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The Returned Hardcover – August 27, 2013

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My Struggle: Book Four
Eighteen-year-old Karl Ove moves to a tiny fishing village in the Arctic Circle to work as a school teacher. As the nights get longer, the shadow cast by his father's own sharply increasing alcohol consumption, also gets longer. Read the full description
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Editorial Reviews


"The Returned transforms a brilliant premise into an extraordinary and beautifully realized novel. My spine is still shivering from the memory of this haunting story. Wow." -Douglas Preston, #1 bestselling author of The Monster of Florence

"Jason Mott's impressive debut a tense and touching treatise on life, death and life again."
- USA Today

"White-hot debut."
-Entertainment Weekly, Summer Must List

"In his exceptional debut novel, poet Mott brings drama, pathos, joy, horror, and redemption to a riveting tale." -Publishers Weekly, starred review

"This book offers a beautifully written and emotionally astute lens at our world gone awry....Poet and debut author Mott has written a breathtaking novel that navigates emotional minefields with realism and grace."
-Kirkus, starred review

"Mott brings a singularly eloquent voice to this elegiac novel, which not only fearlessly tackles larger questions about mortality but also insightfully captures life's simpler moments....A beautiful meditation on what it means to be human."
-Booklist, starred review

"A wondrous surprise. With fine craftsmanship and a deep understanding of the human condition, Jason Mott has woven a tale that is in turns tragic and humorous and terrifying. Surely this will spark many a fabulous book club discussion." -Eowyn Ivey, New York Times bestselling author of The Snow Child

"A deft meditation on loss that plays out levels of consequence on both personal and international stages. Mott allows the magic of his story to unearth a full range of feelings about grief and connection." -Aimee Bender, New York Times bestselling author of The Particular Sadness of Lemon Cake

"This is a masterly first novel for speaks to many aspects of the human condition....Highly recommended for those who love a strong story that makes them think."
-Library Journal, starred review

"Thought-provoking, occasionally dreamlike...Mott's story of literal life after death will catch readers by their hearts and capture their imaginations....Grab this book as soon as you possibly can."
-Shelf Awareness

About the Author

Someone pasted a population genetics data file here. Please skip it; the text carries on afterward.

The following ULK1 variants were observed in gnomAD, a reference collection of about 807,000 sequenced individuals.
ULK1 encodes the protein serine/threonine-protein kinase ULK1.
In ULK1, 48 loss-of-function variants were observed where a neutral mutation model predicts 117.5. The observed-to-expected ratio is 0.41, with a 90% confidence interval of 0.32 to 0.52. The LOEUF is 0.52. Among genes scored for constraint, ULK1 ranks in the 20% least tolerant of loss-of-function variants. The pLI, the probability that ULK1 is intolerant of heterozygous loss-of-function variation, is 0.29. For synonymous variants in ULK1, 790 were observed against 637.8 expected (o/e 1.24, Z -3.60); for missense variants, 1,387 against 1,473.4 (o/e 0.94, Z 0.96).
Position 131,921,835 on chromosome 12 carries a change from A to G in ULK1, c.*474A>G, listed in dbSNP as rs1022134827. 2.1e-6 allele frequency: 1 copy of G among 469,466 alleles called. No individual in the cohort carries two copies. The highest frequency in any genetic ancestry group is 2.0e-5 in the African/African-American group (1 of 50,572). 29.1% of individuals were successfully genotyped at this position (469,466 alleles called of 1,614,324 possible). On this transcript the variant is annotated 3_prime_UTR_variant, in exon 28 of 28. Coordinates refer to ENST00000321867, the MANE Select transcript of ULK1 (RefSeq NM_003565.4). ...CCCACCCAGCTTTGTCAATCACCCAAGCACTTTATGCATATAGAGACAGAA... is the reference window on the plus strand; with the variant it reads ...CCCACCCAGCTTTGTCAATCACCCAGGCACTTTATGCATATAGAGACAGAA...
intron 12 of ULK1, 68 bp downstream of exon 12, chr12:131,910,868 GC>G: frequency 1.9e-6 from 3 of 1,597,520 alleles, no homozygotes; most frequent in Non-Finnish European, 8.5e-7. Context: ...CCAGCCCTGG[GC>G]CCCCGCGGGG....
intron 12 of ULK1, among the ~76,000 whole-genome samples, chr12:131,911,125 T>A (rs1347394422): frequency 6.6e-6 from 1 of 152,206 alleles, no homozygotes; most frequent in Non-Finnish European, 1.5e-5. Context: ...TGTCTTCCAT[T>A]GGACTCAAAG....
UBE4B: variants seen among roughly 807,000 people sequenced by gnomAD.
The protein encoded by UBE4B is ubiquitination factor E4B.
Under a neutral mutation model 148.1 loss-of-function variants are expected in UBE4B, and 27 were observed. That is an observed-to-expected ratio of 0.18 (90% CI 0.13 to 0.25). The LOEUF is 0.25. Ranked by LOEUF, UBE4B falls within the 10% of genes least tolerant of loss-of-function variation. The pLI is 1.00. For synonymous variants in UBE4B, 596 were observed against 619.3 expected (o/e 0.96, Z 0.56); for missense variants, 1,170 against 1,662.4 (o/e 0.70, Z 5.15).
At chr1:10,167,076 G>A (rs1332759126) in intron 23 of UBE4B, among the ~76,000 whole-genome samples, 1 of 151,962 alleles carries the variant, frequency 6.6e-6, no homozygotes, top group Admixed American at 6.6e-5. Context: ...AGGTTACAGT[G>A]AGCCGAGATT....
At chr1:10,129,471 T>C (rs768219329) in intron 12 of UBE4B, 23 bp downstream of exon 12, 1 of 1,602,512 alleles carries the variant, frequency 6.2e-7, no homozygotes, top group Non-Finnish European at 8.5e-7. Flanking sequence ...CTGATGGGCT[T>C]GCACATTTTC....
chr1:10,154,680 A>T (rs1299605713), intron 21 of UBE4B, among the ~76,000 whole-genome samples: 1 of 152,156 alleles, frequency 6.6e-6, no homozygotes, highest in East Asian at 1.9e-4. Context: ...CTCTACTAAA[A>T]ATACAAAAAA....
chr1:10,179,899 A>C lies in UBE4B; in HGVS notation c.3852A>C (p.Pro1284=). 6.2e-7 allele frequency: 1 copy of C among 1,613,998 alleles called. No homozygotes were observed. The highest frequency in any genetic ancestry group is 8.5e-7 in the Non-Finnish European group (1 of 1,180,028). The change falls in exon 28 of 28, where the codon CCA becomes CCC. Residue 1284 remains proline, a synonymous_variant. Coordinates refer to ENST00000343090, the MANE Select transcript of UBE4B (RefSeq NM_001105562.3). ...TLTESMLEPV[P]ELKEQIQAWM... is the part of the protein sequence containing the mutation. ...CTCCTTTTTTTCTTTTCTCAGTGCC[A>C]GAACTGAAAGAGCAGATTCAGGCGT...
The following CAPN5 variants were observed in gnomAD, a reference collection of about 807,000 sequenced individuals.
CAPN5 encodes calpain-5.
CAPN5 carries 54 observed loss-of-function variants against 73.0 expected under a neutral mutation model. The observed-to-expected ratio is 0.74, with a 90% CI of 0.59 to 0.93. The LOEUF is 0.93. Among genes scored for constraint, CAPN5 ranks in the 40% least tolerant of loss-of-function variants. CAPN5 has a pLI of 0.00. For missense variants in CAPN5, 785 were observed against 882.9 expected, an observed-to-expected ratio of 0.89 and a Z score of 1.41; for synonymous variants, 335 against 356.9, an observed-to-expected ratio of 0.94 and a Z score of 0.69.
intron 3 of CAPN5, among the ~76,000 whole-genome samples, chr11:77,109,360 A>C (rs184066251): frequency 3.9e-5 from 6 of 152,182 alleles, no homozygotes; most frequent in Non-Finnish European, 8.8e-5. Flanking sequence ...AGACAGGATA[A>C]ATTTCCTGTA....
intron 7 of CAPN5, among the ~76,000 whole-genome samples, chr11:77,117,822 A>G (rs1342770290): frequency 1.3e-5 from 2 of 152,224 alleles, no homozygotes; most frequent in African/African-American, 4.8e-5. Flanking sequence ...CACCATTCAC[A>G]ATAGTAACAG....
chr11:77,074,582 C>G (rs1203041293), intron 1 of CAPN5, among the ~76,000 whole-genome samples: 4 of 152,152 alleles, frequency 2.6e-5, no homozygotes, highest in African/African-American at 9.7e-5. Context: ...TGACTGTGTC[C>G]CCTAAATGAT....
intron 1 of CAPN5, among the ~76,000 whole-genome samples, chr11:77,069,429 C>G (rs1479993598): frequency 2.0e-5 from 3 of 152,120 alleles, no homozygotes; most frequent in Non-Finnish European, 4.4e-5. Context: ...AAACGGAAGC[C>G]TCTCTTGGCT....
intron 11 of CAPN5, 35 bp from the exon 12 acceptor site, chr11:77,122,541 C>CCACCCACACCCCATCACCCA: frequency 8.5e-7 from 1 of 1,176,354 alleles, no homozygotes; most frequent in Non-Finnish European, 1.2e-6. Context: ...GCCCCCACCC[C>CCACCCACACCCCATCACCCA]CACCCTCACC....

Jason Mott holds a BA in fiction and an MFA in poetry and is the author of two poetry collections. His writing has appeared in numerous literary journals, and he was nominated for the 2009 Pushcart Prize. Jason lives in North Carolina.

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Product Details

  • Hardcover: 352 pages
  • Publisher: Harlequin MIRA; First Edition edition (August 27, 2013)
  • Language: English
  • ISBN-10: 0778315339
  • ISBN-13: 978-0778315339
  • Product Dimensions: 6.3 x 1.3 x 9.3 inches
  • Shipping Weight: 1.4 pounds (View shipping rates and policies)
  • Average Customer Review: 3.7 out of 5 stars  See all reviews (728 customer reviews)
  • Amazon Best Sellers Rank: #250,130 in Books (See Top 100 in Books)

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More About the Author

Jason Mott lives in southeastern North Carolina. He has a BFA in Fiction and an MFA in Poetry, both from the University of North Carolina at Wilmington. His poetry and fiction has appeared in various literary journals. He was nominated for a 2009 Pushcart Prize award and Entertainment Weekly listed him as one of their 10 "New Hollywood: Next Wave" people to watch.

He is the author of two poetry collections: We Call This Thing Between Us Love and "...hide behind me..." The Returned is his first novel.

The Returned has also been optioned by Brad Pitt's production company, Plan B, in association with Brillstein Entertainment and ABC. It will air in March, 2014 on the ABC network under the title "Resurrection."

Customer Reviews

The story was interesting but I found the ending a little disappointing.
Mara Cusick
Love the idea if this book..... Makes you think..... Makes you wonder..... What would you do or say to your love one??
The characters were not well developed and I found the story line to be very boring.

Most Helpful Customer Reviews

181 of 205 people found the following review helpful By A Book Vacation on August 27, 2013
Format: Hardcover
I really wanted to like this novel, but it's rather depressing and, truth be told, I never really made a connection with the characters. This is a very finely written piece, don't get me wrong, but my questions were never answered. Why the returned come, what their purpose is, where they go when they disappear... I just don't know, and that was the main reason I picked up this novel; I wanted to know.

Instead, this novel focuses on the appearance of the dead (not zombies, mind you), and how the world decides to react to such an anomaly. However, no one has answers, so it's more or less the blind leading the blind, with some embracing the dead, some detesting it, and others ready to lock them up forever. Like I said, it's a very depressing tale. We learn how the government decides to handle it, which isn't very well, more like the Japanese Internment Camps than anything else, and we get to know characters... only to watch them traverse terrible atrocities and, ultimately, die. But why they emerged from the earth again, and what their purpose was aside from driving the story, well, I don't know.